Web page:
So I was making a corn-syrup-free pecan pie, and it called for a procedure that I've never seen before. To combine the liquids (milk, eggs, vanilla) with the solids (dark brown sugar, butter, flour) it called for combining the solids over medium heat, cooking it until the sugar was completely melted, and then combining with the liquids.

Now, my candy experience starts and stops at "things containing chocolate", but I can melt sugar. However with the addition of butter and flour I was worried about it burning, and I didn't render it all the way down to full on molten sugar. It was quite melted but it poured more like a thin batter than like liquid sugar.

Combined the liquid(y) sugar with the liquids, and exactly what I thought would happen, happened: the sugar immediately solidified into chunks, and wouldn't incorporate. Rescued it by heating the whole thing, and stirring until it incorporated. This worked, but I think it sent the texture off a bit.

My question is: is this even feasible? Can you really melt sugar to a thin liquid, and then seamlessly incorporate it with a cold liquid? And wouldn't the addition of flour cause issues with cooking the sugar? I pretty much expected it not to work, so it may just have been a failure of will on my part.

4 Answers 4


That sounds . . . strange. It would make more sense to heat the milk and sugar together first, thicken with the butter and flour, then add the eggs (tempering them with some of the hot mixture first).

Alternately, you could just mix everything together cold (except for the butter, which would need to be melted). I don't really understand the necessity of pre-cooking some of the ingredients, unless this is supposed to be a "no-bake" pie or something. Enzymes in the eggs will digest the flour unless the mix is brought to a boil first, but I doubt there's enough flour in a pecan pie recipe to really matter (it would take a few days for anything to happen, and I've never seen a pecan pie last that long).

  • +1 for saying out loud what I said to myself when I read the recipe. The only reason I could think for cooking the sugar and the flour together was to maybe kill any potential floury taste. Dec 13, 2010 at 21:35
  • 1
    The flour actually acts like a thickener. Think about when you make gravy. Cooking it allows the starches to expand and hold the liquid when it is added. Mixing it before hand makes sure that it is evenly integrated with the sugar. Once the flour expands it makes it harder to get the sugar evenly distributed.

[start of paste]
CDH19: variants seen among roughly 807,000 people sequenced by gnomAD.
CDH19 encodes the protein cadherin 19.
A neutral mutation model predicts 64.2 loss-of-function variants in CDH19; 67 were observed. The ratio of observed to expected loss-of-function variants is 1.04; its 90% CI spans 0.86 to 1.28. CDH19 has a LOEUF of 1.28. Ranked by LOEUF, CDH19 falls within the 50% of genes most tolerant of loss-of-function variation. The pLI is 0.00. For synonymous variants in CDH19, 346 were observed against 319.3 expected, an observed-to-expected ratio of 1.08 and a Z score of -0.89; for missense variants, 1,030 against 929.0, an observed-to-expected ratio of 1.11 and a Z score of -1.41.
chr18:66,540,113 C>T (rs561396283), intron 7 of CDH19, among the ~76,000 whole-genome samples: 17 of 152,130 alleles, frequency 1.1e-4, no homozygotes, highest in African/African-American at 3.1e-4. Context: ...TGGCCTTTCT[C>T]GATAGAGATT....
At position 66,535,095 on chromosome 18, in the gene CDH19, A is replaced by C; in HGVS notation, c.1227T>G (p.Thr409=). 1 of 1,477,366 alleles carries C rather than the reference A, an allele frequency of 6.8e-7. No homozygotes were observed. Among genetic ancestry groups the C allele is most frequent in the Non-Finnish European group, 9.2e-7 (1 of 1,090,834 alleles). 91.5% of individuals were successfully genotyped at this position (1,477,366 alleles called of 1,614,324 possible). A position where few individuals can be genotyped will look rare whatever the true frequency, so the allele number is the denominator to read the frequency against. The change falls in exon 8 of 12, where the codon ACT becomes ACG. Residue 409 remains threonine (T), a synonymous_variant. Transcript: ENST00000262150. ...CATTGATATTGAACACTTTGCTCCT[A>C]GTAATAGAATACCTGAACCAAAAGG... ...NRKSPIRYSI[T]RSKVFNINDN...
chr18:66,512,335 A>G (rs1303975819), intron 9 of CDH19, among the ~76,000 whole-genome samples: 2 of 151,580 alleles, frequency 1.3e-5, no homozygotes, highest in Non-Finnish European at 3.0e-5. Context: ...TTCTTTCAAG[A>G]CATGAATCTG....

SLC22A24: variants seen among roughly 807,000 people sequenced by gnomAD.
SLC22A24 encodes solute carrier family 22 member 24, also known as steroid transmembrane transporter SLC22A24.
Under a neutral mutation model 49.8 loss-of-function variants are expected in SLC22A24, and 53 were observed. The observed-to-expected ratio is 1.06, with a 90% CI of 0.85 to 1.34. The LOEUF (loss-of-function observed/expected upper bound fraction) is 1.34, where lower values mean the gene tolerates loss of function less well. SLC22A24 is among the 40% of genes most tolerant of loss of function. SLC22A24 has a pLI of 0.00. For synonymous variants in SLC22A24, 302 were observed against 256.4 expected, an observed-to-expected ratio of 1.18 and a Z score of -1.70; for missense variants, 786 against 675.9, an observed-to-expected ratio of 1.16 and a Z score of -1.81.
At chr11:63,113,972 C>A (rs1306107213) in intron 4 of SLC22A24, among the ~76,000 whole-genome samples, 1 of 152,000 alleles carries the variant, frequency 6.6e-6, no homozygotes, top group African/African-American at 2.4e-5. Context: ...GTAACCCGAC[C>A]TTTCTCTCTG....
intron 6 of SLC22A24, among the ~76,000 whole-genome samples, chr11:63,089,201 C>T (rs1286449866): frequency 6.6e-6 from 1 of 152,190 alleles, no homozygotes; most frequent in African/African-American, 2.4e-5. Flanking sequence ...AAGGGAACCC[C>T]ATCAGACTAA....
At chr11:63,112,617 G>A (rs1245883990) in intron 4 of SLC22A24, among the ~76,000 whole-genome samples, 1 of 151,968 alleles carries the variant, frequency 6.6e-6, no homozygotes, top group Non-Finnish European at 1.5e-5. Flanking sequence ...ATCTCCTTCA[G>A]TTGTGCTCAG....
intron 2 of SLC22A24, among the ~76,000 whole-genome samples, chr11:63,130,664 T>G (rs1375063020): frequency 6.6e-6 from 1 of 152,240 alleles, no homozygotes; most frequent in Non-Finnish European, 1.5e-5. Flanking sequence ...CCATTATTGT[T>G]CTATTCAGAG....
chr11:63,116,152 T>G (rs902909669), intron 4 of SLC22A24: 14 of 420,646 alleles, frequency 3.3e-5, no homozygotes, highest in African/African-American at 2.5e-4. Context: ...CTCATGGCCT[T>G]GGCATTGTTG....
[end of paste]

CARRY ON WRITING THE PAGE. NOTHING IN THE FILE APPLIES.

– Doc Walker
    Dec 14, 2010 at 3:29

Combining hot liquid sugar with a cold liquid will cause it to harden. That is one of the ways to test the stage of the sugar concentration. Do a search for Cold Water Candy Test for more information on that.

I would recommend raising the temperature of the liquid or adding it slowly to prevent crystallization. That is what I typically do for my pecan pies.


So, I tried it a second time, but this time I went all out. Got the sugar hot enough to pour in thin streams, put the liquid ingredients in a stand mixer on low, and slowly drizzled the sugar into the mixer. Combined reasonably well, well enough at least, that I didn't feel like I had to heat it further. So it is possible. It really only worked though because the proportion of hot sugar to cold ingredients left a final mixture that was warm enough to keep the sugar suspended.

However the pie was pretty much exactly the same, and the process was much more involved than just lumping all the ingredients in a pan over low heat, and warming gently until they combined.

So, in conclusion, you can do it, but I don't know why you'd want to.


I'm wondering if this was perhaps an imprecise use of "melted" to mean "dissolved". I.e. cook the butter, flour, and sugar just until the butter melts and everything is dissolved, not until the sugar melts.

  • Well it was 2 packed cups of dark brown sugar, 3 tbs flour, and 1/2 cup (1 stick) butter. Not sure that's enough butter to dissolve it... Dec 29, 2010 at 19:23

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